SB_Spill_Cover

Largest Coastal Spill in 25 years [in California]

By Kyle Ferrar, Western Program Coordinator

The Santa Barbara Pipeline Spill

On May 19, 2015, just 20 miles north of Santa Barbara, a heavily corroded section of pipeline ruptured spilling upwards of 101,000 gallons. The pipeline was operated by Plains All American LLC, based out of Houston Texas, and was used to move crude oil from offshore rigs to inland refineries. The spill occurred on a section of pipe running parallel to the coastline at a distance of only a tenth of a mile to the ocean. As a result, the ruptured oil traveled through a drainage culvert and onto the beach where 21,000 gallons spilled into the ocean. The oil spread into a slick that covered 4 miles of coastline, and has since spread to southern California beaches more than 100 miles to the south. Santa Barbara county officials immediately closed two beaches, Refugio and El Capitan, and southern California beaches were also closed June 3rd through June 5th. Commercial fishing has been prohibited near the spill, and nearly 300 dead marine mammals and birds have been found, as well as dead cephalopods (octopi).1

Mapping the Impacts


Santa Barbara 2015 Oil Spill at Refugio Beach. To view the legend and map full screen, click here.

The map above shows details of the oil spill, including the location on the coastline, the extent that the spill traveled south, and the Exxon offshore platforms forced to suspend operations due to their inability to transport crude to onshore refineries.

The dynamic map also shows the wildlife habitats that are impacted by this oil spill, putting these species at risk. This area of Central California coastline is incredibly unique. The Santa Barbara Channel Islands are formed and molded as colder northern swells meet warmer southern swells, generating many temperature gradients and microhabitats able to support an incredible amount of biodiversity. Many species are endemic to only this region of the California coastline, and therefore are very sensitive to the impacts of pollution. In addition to the many bird species, including the endangered Western Snow Plover and Golden Eagle, this area of coastline is home to a number of whale and porpoise species, and, as seen in the map, the Leatherback Sea Turtle and the Black Abolone Sea Snail, both threatened.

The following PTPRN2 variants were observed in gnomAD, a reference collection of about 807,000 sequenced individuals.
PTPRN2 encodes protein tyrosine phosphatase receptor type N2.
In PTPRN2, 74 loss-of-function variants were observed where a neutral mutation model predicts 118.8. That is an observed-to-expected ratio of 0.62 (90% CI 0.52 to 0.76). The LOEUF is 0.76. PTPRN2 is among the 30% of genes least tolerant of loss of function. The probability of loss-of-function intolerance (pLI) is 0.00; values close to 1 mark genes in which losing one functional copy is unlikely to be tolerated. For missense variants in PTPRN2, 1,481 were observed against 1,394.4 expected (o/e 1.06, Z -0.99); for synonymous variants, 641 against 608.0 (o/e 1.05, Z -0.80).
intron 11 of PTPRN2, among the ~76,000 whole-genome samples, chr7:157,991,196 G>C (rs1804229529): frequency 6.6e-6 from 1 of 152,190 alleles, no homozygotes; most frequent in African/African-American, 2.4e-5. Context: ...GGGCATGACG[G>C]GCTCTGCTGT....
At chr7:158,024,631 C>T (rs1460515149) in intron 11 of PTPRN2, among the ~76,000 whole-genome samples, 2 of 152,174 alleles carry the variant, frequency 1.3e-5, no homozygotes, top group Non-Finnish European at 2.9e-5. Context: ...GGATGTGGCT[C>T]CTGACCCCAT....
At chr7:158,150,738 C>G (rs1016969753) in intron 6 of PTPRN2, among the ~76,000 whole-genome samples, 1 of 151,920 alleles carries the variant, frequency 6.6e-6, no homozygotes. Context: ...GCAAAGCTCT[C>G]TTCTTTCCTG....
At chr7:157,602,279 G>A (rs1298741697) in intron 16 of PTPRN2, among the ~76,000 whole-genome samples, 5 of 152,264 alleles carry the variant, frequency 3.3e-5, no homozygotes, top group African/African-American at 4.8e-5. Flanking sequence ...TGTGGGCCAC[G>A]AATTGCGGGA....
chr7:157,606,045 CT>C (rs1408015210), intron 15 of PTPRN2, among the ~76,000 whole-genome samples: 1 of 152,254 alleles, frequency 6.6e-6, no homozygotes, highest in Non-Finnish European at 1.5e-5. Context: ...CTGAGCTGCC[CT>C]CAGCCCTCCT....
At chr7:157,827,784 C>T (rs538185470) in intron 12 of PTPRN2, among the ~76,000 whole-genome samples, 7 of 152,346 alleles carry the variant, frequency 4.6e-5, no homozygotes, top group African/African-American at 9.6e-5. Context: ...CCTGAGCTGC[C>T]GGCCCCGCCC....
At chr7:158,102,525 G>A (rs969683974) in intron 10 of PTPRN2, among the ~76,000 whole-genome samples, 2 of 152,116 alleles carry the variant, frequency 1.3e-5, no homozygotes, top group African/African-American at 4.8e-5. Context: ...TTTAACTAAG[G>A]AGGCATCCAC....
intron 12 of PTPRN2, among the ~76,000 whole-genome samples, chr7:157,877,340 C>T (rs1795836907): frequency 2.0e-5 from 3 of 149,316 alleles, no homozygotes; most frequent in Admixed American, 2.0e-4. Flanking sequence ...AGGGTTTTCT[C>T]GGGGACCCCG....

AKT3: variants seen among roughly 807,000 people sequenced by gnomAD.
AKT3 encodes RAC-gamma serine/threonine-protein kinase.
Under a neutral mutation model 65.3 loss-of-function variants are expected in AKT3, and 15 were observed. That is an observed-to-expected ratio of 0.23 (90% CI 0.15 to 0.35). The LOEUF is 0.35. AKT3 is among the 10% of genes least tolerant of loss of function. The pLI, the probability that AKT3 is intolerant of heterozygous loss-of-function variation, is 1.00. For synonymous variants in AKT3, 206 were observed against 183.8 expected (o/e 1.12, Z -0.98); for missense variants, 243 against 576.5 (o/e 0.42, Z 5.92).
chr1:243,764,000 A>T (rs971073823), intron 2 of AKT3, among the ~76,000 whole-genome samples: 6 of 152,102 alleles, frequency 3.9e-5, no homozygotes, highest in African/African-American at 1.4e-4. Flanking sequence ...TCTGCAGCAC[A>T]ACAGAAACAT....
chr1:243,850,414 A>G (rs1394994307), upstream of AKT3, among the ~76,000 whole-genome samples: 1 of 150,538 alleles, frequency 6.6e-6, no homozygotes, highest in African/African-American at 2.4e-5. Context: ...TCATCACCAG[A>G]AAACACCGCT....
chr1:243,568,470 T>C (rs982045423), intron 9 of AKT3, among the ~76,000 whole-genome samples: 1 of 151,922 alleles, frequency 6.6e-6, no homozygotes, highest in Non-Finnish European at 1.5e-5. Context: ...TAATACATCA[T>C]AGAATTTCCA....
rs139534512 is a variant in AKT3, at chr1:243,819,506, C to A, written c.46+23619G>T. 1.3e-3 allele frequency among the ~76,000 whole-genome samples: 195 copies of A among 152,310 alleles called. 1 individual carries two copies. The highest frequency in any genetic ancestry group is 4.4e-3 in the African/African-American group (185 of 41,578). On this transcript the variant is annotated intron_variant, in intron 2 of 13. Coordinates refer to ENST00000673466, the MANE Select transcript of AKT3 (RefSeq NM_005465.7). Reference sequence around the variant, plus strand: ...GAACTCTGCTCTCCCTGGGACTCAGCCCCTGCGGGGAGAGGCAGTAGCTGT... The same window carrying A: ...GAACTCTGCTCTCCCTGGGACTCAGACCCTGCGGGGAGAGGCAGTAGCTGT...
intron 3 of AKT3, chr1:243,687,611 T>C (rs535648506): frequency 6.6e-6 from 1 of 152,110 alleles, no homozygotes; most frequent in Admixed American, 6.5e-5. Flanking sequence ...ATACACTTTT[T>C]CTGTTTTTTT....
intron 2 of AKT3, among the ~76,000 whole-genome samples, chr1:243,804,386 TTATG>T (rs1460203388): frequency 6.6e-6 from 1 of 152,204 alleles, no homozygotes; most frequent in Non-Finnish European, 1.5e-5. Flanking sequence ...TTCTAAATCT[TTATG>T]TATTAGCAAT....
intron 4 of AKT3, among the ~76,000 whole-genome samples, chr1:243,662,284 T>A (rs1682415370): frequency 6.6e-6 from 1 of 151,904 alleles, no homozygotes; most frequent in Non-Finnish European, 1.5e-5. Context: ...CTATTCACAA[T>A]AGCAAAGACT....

Santa Barbara Channel_10.7.13

Figure 1. Offshore Drilling Near Santa Barbara from 2013

For California’s harbor seal populations, this kill event reinforces existing environmental pressures that have been shrinking the seal and sea lion (pinniped) communities, increasing the threat of shark attacks on humans. For the potential impact that this could have on California’s sensitive sea otter population, see FracTracker’s recent story on the West Coast Sea Otter.

In 2013, The FracTracker Alliance collaborated with the Environmental Defense Center on the report Dirty Water: Fracking Offshore California. The report showed that much of the offshore oil is extracted by hydraulic fracturing (Fig 1.), and outlined the environmental impacts that would result from a spill of this magnitude.

Clean Up Efforts

Workers are currently cleaning the spill by hand using buckets and shovels. These old fashioned techniques may be painstaking, but they are the least invasive and they are necessary to ensure that there is not additional damage to the sensitive ecosystems. Even scraping the coastline with wire brushes and putty knives cannot remove the stain of oil that has been absorbed by porous rocks. The oil will only wear away with time as it is diluted back into the ocean. Costs of the clean-up response alone have already reached $92 million, which is being paid by Texas-based Plains All American Pipeline. There have not been any reports yet on the financial impacts to the recreational and fishing industries.2